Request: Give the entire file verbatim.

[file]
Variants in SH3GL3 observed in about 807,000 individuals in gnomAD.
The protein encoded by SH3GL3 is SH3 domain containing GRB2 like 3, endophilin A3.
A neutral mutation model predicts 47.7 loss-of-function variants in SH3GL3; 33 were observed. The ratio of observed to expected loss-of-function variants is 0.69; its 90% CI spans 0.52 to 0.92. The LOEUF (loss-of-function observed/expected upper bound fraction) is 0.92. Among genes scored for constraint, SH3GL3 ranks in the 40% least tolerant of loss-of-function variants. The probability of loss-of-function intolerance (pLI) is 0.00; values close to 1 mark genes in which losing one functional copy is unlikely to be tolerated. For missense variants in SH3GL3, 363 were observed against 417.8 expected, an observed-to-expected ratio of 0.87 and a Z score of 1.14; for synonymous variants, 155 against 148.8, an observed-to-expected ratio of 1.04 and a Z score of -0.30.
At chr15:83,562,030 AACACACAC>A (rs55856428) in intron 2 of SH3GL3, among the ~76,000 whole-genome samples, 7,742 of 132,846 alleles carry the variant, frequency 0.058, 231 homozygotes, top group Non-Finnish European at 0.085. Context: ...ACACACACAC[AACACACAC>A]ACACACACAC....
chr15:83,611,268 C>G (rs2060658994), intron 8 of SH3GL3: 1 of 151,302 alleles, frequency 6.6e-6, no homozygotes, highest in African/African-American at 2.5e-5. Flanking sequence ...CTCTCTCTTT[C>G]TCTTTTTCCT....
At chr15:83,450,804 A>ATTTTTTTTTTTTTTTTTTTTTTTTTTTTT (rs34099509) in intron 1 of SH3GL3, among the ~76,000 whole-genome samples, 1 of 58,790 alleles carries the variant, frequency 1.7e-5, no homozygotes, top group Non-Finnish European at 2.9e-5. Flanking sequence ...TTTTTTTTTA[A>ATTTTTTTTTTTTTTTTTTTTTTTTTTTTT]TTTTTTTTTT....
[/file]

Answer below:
Variants in SH3GL3 observed in about 807,000 individuals in gnomAD.
The protein encoded by SH3GL3 is SH3 domain containing GRB2 like 3, endophilin A3.
A neutral mutation model predicts 47.7 loss-of-function variants in SH3GL3; 33 were observed. The ratio of observed to expected loss-of-function variants is 0.69; its 90% CI spans 0.52 to 0.92. The LOEUF (loss-of-function observed/expected upper bound fraction) is 0.92. Among genes scored for constraint, SH3GL3 ranks in the 40% least tolerant of loss-of-function variants. The probability of loss-of-function intolerance (pLI) is 0.00; values close to 1 mark genes in which losing one functional copy is unlikely to be tolerated. For missense variants in SH3GL3, 363 were observed against 417.8 expected, an observed-to-expected ratio of 0.87 and a Z score of 1.14; for synonymous variants, 155 against 148.8, an observed-to-expected ratio of 1.04 and a Z score of -0.30.
At chr15:83,562,030 AACACACAC>A (rs55856428) in intron 2 of SH3GL3, among the ~76,000 whole-genome samples, 7,742 of 132,846 alleles carry the variant, frequency 0.058, 231 homozygotes, top group Non-Finnish European at 0.085. Context: ...ACACACACAC[AACACACAC>A]ACACACACAC....
chr15:83,611,268 C>G (rs2060658994), intron 8 of SH3GL3: 1 of 151,302 alleles, frequency 6.6e-6, no homozygotes, highest in African/African-American at 2.5e-5. Flanking sequence ...CTCTCTCTTT[C>G]TCTTTTTCCT....
At chr15:83,450,804 A>ATTTTTTTTTTTTTTTTTTTTTTTTTTTTT (rs34099509) in intron 1 of SH3GL3, among the ~76,000 whole-genome samples, 1 of 58,790 alleles carries the variant, frequency 1.7e-5, no homozygotes, top group Non-Finnish European at 2.9e-5. Flanking sequence ...TTTTTTTTTA[A>ATTTTTTTTTTTTTTTTTTTTTTTTTTTTT]TTTTTTTTTT....